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People, politics and print: a history of the English-language book in industrial South Wales, 1536-1900.

Evans, Jonathan Murray 2010. People, politics and print: a history of the English-language book in industrial South Wales, 1536-1900. PhD Thesis, Cardiff University.

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In Wales the histories of book production and industry started following the sixteenth century Acts of Union. In 1586 print production in Wales was a collateral victim of the Star Chamber ban on regional printing. When the printing press finally arrived in Wales in the eighteenth century it was closely associated with the iron trade. The Industrial Revolution started in Wales in 1759 on the underdeveloped northern rim of the South Wales coalfield basin. The iron industry had two phases of development; when the second phase started in the 1780s South Wales was the largest iron producing region in the UK. At this time Edmund Jones wrote An Account of the Parish of Aberystruth (1779) and Apparitions of Spirits (1780), both of which document the narratives of a pre-industrial community. At the end of this period the Welsh print-trade was dominated by Nonconformist printers who were particularly hostile to the novel. Despite this opposition Twm Shon Catti, the first Welsh novel, was printed in 1828. In the 1840s, John Nixon started to sell Welsh steam-coal to the French market. The steam-coal export trade was so successful that it rapidly changed the technology and science of mining, and in consequence a number of institutions grew around the industry. Meanwhile the miners themselves were organising and they established well-stocked miners' libraries which they used to educate themselves. In this period the centre of the Welsh print-trade moved to the industrial coalfield, and as it did so the newspaper became the dominant literary form. In the 1880s, Joseph Keating worked in a number of collieries in the Aberdare Valley. While Keating is justly famous for being the first Welsh industrial novelist of the twentieth century, he wrote in the older literary tradition which has been outlined in this thesis.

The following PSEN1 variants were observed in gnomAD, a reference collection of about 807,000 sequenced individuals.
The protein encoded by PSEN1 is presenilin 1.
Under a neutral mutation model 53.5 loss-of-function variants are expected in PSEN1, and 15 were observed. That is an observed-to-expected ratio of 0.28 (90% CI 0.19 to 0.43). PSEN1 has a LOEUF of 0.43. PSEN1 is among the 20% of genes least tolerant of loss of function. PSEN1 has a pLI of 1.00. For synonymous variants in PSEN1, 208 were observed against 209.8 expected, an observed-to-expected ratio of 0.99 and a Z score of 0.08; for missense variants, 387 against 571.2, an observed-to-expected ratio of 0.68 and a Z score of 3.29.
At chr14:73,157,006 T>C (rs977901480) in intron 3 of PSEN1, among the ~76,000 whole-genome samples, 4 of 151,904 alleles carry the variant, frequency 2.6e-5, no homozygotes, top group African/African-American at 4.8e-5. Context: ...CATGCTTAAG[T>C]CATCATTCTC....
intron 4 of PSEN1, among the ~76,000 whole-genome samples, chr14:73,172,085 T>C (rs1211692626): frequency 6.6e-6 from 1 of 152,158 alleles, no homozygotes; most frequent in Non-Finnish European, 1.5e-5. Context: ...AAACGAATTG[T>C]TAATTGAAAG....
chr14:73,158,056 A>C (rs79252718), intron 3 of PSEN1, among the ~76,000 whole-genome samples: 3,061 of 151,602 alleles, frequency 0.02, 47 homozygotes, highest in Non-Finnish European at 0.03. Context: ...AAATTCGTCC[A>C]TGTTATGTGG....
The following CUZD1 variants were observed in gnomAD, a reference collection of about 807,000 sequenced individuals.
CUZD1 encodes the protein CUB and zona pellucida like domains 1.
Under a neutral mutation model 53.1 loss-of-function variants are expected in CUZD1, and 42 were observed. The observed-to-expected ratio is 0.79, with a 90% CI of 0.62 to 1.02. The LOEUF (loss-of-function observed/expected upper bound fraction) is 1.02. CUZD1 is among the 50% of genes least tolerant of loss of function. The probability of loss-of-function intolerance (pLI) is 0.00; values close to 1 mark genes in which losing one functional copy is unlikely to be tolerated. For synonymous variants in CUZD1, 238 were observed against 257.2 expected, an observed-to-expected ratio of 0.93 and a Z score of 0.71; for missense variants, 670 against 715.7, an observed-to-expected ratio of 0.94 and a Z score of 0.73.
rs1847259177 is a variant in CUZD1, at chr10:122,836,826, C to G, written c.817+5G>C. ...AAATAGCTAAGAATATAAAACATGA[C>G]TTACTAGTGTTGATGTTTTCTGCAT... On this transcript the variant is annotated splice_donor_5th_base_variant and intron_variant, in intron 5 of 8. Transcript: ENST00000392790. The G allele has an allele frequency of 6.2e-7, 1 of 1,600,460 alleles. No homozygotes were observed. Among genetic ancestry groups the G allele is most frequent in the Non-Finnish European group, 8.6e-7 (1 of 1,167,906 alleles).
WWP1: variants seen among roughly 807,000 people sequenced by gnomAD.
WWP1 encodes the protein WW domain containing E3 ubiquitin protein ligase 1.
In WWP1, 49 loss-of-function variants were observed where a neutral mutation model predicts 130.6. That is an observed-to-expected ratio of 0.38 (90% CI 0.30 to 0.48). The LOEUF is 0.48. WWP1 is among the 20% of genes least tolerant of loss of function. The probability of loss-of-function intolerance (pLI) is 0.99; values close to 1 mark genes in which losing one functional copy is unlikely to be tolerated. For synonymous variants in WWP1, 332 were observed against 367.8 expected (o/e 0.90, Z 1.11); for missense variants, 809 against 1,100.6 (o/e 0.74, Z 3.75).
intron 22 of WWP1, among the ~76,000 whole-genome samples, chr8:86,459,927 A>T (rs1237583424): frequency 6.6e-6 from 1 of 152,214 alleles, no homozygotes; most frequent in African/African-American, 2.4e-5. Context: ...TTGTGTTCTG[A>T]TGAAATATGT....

Item Type: Thesis (PhD)
Status: Unpublished
Schools: English, Communication and Philosophy
Subjects: D History General and Old World > DA Great Britain
P Language and Literature > PE English
Date of First Compliant Deposit: 30 March 2016
Last Modified: 10 Jan 2018 01:54

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